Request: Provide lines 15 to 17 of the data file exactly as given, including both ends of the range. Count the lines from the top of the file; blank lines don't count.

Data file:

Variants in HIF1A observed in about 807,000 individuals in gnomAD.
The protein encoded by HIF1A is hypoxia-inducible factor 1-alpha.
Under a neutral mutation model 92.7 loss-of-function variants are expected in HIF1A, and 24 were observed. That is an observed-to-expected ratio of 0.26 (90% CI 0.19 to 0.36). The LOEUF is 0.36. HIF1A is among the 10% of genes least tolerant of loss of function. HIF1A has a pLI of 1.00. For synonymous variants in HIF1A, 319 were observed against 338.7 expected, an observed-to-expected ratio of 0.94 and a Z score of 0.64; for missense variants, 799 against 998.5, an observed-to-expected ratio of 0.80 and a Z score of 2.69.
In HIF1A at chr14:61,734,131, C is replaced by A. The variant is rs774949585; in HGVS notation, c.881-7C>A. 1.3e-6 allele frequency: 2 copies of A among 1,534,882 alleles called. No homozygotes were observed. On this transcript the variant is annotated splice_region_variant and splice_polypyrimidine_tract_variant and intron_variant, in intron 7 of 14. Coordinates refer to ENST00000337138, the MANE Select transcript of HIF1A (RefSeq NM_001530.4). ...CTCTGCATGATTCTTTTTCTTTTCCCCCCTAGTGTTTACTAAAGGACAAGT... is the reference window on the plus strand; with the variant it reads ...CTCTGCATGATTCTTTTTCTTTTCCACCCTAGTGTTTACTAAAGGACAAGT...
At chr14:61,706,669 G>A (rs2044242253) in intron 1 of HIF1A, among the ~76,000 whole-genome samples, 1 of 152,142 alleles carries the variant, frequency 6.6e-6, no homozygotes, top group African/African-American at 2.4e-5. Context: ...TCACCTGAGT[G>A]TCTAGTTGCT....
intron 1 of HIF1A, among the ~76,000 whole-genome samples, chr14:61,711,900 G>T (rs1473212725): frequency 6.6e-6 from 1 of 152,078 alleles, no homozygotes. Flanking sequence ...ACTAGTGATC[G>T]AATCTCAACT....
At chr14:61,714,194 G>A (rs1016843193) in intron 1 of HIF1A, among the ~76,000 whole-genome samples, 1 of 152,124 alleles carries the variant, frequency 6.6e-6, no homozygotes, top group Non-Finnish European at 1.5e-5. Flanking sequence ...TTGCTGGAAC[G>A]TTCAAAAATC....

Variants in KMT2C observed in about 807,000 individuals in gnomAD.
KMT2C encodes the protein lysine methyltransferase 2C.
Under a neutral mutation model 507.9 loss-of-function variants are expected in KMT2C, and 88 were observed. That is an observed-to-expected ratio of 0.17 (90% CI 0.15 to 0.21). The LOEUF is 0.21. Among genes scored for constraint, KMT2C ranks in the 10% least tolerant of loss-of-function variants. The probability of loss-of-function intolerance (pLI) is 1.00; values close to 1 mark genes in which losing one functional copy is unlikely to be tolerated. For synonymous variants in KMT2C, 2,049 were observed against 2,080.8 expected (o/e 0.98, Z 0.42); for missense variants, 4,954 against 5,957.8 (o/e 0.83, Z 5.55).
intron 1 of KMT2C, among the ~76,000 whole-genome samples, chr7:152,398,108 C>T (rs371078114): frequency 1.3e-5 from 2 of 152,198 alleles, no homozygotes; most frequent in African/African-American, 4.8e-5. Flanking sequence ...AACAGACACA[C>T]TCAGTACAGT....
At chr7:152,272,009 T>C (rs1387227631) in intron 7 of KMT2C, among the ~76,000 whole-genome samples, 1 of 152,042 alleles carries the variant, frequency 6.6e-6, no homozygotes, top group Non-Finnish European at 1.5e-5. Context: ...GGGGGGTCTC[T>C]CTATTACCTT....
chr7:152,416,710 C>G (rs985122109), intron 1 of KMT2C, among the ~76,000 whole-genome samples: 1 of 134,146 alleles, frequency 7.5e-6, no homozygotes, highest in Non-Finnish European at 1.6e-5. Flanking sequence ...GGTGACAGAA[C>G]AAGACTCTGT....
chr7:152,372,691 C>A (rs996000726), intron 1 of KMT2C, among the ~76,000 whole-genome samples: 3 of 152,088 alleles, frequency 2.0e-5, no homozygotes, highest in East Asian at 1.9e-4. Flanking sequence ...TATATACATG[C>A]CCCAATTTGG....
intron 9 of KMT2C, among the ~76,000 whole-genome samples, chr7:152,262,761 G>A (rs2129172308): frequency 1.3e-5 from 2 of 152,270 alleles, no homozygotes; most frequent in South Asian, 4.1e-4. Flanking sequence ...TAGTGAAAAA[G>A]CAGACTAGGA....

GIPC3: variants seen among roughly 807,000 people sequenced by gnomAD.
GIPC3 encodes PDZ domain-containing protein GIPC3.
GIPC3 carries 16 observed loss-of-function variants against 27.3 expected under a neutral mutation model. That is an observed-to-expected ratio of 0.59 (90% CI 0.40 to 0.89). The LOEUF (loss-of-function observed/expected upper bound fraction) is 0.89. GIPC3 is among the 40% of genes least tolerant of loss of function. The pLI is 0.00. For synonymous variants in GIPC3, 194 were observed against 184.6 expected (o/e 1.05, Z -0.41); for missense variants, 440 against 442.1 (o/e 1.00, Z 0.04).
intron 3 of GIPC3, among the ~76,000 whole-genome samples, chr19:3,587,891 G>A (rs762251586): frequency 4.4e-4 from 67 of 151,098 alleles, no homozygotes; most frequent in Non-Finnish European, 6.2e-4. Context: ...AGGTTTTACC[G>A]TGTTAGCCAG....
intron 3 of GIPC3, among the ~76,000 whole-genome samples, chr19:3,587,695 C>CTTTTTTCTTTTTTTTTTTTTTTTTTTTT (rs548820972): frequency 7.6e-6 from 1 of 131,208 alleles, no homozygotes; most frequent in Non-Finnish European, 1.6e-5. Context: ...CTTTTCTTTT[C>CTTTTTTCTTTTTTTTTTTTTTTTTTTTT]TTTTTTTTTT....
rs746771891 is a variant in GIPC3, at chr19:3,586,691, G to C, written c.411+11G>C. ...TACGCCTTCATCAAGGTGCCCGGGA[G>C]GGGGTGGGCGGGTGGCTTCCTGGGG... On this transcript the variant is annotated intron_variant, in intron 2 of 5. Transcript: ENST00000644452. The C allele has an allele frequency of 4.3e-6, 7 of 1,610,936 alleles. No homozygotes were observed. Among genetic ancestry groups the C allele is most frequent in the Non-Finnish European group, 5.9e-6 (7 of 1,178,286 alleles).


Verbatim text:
intron 9 of KMT2C, among the ~76,000 whole-genome samples, chr7:152,262,761 G>A (rs2129172308): frequency 1.3e-5 from 2 of 152,270 alleles, no homozygotes; most frequent in South Asian, 4.1e-4. Flanking sequence ...TAGTGAAAAA[G>A]CAGACTAGGA....

GIPC3: variants seen among roughly 807,000 people sequenced by gnomAD.
GIPC3 encodes PDZ domain-containing protein GIPC3.